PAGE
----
West Lothian sports personalities include Dario Franchitti (from Whitburn, four-time Indy Car series champion, and three-time winner of the Indianapolis 500), Paul di Resta (from Uphall, DTM race driver for Mercedes-Benz, and the cousin of Dario Franchitti), and Peter 'Snakebite' Wright (born in Livingston, PDC World darts champion).
Actors, musicians and entertainers include Susan Boyle (from Blackburn, a singer who achieved fame on the TV series Britain's Got Talent), Lewis Capaldi (a singer/songwriter from Whitburn and Bathgate), Ian Colquhoun (from Livingston, author and actor), Leon Jackson (from Whitburn, winner of The X Factor in 2007) and David Tennant (from Bathgate, actor)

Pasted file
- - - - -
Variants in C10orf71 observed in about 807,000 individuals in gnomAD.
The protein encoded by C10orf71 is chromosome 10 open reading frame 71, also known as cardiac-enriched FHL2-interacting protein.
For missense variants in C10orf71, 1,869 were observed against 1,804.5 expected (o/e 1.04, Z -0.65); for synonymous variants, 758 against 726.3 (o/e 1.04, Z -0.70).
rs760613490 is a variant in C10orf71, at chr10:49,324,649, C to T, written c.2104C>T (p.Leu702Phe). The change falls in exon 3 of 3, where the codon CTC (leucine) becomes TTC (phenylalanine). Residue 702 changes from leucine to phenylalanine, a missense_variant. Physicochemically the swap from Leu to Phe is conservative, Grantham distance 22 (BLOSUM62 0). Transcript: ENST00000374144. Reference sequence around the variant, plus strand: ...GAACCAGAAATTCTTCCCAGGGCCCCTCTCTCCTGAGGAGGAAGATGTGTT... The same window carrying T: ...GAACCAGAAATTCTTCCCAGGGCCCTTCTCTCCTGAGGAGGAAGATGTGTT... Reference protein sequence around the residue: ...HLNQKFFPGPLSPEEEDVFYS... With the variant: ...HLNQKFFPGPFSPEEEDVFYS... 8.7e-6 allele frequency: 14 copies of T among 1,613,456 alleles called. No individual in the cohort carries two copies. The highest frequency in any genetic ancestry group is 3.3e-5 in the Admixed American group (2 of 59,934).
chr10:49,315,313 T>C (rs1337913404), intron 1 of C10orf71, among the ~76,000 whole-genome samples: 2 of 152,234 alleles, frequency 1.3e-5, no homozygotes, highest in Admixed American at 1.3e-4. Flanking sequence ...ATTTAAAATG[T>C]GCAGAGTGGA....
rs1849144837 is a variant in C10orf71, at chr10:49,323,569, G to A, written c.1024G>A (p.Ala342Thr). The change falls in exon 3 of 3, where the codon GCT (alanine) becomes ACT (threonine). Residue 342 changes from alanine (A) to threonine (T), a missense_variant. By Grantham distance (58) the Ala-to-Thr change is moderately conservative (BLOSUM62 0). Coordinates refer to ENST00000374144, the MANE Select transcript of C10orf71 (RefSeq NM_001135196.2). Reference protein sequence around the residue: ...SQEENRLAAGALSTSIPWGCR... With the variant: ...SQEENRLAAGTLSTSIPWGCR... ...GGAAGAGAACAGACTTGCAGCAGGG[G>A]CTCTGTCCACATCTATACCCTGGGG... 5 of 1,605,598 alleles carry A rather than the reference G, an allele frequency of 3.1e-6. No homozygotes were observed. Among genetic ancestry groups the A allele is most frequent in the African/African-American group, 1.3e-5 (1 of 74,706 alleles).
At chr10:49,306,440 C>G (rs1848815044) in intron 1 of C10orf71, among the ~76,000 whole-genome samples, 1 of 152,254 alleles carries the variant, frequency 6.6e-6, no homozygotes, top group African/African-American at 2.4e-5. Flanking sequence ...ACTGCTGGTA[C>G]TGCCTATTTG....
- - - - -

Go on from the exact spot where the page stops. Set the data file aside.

Figures from industry and academia include John Fleming (from Bathgate, a naturalist, zoologist and geologist), Sir Charles Wyville Thompson (from Linlithgow, a natural historian and marine zoologist), and James Young Simpson (an obstetrician and significant figure in the history of medicine).